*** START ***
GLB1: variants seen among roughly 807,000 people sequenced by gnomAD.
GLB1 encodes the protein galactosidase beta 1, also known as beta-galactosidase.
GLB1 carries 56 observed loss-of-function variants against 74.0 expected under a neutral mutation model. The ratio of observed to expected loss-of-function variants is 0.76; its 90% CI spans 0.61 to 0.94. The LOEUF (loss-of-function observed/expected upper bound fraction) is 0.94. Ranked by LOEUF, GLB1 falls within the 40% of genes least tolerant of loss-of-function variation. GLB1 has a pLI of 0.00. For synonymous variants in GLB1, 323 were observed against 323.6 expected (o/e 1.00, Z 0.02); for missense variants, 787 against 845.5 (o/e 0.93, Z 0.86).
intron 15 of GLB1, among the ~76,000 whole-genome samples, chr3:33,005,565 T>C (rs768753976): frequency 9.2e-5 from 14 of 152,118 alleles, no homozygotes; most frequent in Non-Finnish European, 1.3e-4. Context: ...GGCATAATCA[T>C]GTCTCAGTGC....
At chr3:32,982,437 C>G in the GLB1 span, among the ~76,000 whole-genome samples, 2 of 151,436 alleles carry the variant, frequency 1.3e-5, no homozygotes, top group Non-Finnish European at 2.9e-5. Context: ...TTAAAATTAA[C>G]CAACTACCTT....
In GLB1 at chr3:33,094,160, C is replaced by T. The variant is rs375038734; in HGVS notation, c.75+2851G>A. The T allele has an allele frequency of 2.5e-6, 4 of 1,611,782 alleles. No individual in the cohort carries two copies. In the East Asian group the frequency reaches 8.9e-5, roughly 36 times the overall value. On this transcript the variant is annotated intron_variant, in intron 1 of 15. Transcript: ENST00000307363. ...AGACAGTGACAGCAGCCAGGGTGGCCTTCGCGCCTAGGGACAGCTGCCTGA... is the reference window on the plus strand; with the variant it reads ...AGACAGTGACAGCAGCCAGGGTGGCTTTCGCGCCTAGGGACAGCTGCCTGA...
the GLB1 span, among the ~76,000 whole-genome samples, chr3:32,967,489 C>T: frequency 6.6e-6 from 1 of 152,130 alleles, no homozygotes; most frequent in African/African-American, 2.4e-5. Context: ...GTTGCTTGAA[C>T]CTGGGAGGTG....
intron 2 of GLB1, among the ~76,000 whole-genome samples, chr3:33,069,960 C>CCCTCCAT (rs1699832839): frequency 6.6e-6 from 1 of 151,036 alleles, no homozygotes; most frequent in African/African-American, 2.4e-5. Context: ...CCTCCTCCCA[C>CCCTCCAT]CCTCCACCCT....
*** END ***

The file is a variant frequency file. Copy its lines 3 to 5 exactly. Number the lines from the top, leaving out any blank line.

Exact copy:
GLB1 carries 56 observed loss-of-function variants against 74.0 expected under a neutral mutation model. The ratio of observed to expected loss-of-function variants is 0.76; its 90% CI spans 0.61 to 0.94. The LOEUF (loss-of-function observed/expected upper bound fraction) is 0.94. Ranked by LOEUF, GLB1 falls within the 40% of genes least tolerant of loss-of-function variation. GLB1 has a pLI of 0.00. For synonymous variants in GLB1, 323 were observed against 323.6 expected (o/e 1.00, Z 0.02); for missense variants, 787 against 845.5 (o/e 0.93, Z 0.86).
intron 15 of GLB1, among the ~76,000 whole-genome samples, chr3:33,005,565 T>C (rs768753976): frequency 9.2e-5 from 14 of 152,118 alleles, no homozygotes; most frequent in Non-Finnish European, 1.3e-4. Context: ...GGCATAATCA[T>C]GTCTCAGTGC....
At chr3:32,982,437 C>G in the GLB1 span, among the ~76,000 whole-genome samples, 2 of 151,436 alleles carry the variant, frequency 1.3e-5, no homozygotes, top group Non-Finnish European at 2.9e-5. Context: ...TTAAAATTAA[C>G]CAACTACCTT....